John McCain, back to being mavericky after a stint as the most conservative senator, says he's not sure who he'd vote for if Hillary Clinton ran against Rand Paul for president in 2016. In an interview with The New Republic's Isaac Chotiner, when asked about that hypothetical 2016 contest, McCain said, "It’s gonna be a tough choice." Then he clarifies: "Let me just clarify that. I think that Rand Paul represents a segment of the GOP, just like his father. And I think he is trying to expand that, intelligently, to make it larger." McCain is reestablishing himself has the No. 1 Republican who criticizes Republicans. All it took was some dinner and phone calls with President Obama.

For McCain, the personal is political. Right now, the people who've gotten under his skin are Rand Paul and Ted Cruz. McCain has had several testy exchanges over foreign policy and other issues with them the Senate floor. He's rebuked Cruz for his questioning of Defense Secretary Chuck Hagel, saying it was "disrespectful." Cruz's aides occasionally mock McCain on Twitter. As Chotiner notes, after McCain lost to George W. Bush in 2000, he was very critical of Republicans. After he lost to Obama in 2008, he was one of the president's top antagonists. McCain denies he's driven by emotion — "I am sometimes puzzled by, McCain is angry and bitter," he says — but he credits more attention from the White House for his new spirit of bipartisanship:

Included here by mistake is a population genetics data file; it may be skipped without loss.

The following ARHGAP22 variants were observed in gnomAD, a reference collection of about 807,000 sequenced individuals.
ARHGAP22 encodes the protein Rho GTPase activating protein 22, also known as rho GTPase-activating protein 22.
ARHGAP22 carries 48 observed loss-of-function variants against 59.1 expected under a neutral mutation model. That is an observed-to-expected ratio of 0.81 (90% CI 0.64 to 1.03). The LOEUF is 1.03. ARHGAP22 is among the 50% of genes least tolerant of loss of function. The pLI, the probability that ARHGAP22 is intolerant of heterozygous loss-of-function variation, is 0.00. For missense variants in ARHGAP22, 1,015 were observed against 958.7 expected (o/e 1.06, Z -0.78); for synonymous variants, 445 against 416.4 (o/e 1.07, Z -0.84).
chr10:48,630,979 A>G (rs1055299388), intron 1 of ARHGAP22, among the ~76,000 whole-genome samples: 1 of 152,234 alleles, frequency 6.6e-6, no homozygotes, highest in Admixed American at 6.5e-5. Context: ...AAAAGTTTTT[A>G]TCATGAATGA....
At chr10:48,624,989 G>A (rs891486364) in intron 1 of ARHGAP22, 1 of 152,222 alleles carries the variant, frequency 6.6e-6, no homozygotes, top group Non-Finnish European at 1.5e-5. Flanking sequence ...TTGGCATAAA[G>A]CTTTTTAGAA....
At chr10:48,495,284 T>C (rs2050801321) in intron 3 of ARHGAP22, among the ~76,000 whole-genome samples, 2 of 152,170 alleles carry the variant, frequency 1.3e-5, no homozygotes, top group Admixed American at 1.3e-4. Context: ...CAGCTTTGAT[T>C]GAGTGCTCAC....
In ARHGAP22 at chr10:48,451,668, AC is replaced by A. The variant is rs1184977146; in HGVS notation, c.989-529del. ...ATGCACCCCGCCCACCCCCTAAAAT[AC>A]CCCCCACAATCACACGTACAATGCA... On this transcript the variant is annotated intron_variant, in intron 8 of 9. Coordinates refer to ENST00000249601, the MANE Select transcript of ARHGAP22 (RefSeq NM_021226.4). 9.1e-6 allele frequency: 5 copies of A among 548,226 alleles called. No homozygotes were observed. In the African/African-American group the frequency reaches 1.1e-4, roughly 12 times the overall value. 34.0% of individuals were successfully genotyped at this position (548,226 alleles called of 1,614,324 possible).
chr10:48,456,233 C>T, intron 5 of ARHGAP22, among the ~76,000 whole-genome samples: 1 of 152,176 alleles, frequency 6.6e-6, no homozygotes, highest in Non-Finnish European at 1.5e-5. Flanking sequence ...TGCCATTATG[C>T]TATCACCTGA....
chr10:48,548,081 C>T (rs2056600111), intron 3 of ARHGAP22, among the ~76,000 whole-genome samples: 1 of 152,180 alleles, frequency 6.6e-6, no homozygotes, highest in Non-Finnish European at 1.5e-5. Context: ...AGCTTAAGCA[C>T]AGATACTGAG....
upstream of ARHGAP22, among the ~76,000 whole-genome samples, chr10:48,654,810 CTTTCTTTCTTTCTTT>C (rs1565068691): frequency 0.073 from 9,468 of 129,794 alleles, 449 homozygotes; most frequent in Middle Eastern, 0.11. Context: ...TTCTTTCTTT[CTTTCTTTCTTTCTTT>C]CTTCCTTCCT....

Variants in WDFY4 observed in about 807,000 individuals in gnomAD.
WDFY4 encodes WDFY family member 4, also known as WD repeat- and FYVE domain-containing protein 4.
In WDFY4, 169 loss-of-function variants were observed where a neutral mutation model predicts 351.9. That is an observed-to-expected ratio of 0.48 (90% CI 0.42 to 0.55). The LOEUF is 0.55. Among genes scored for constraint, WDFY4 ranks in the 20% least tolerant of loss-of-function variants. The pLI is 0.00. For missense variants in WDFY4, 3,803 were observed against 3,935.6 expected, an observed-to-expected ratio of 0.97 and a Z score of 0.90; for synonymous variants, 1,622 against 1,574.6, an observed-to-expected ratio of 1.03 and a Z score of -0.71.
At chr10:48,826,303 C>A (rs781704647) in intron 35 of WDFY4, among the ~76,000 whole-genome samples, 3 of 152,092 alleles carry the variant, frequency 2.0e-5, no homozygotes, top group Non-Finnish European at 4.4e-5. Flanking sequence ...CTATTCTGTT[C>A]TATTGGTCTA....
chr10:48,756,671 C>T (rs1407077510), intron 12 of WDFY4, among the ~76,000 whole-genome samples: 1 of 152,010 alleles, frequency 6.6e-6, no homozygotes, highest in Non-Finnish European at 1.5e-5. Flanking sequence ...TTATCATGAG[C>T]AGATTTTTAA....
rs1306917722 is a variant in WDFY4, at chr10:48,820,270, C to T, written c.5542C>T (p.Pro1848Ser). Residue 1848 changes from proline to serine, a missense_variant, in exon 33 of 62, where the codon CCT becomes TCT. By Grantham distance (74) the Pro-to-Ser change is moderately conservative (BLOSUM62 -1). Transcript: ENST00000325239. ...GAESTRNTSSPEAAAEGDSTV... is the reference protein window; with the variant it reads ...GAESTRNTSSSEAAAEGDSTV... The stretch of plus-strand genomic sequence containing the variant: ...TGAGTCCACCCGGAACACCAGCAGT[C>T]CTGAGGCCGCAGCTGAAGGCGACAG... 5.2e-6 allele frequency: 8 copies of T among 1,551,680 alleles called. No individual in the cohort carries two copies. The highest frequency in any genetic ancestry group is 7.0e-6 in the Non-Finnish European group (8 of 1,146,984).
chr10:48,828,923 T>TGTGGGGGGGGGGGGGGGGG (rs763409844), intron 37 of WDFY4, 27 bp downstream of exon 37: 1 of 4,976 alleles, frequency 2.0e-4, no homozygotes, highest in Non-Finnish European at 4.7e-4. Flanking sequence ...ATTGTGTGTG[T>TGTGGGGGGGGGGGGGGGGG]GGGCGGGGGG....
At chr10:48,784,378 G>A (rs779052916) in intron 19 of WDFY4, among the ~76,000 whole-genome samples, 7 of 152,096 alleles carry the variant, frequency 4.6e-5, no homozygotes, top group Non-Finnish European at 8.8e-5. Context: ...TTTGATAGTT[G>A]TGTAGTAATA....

In 2009, I was invited over to the White House, and I was maybe the only Republican there. They said they would get in touch with me [about immigration reform]. I never heard another word. Later, Obama had me over to the White House and said, “There’s [then–Chief of Staff] Bill Daley. We are gonna work with Senator McCain, blah-blah-blah.” I even called Bill Daley up, but never a word. Now, that has changed dramatically in the last six or eight months between me and the president.

McCain denies he's feuding with Paul and Cruz, whom he called "wacko birds."  He says, "it’s important for me to be respectful. After I called them wacko birds, I apologized." But he say he still wants to debate them "every chance I get."

Elsewhere, McCain mocks Fox News for being "schizophrenic" about immigration, given that Rupert Murdoch and Roger Ailes support it. "I saw a guy on Hannity, maybe Huckabee, and the guy said, 'You know, the Chinese are coming across our border, and they are going to commit cyber attacks,'" he says."Honest to God! 'They are going to commit cyber attacks.'"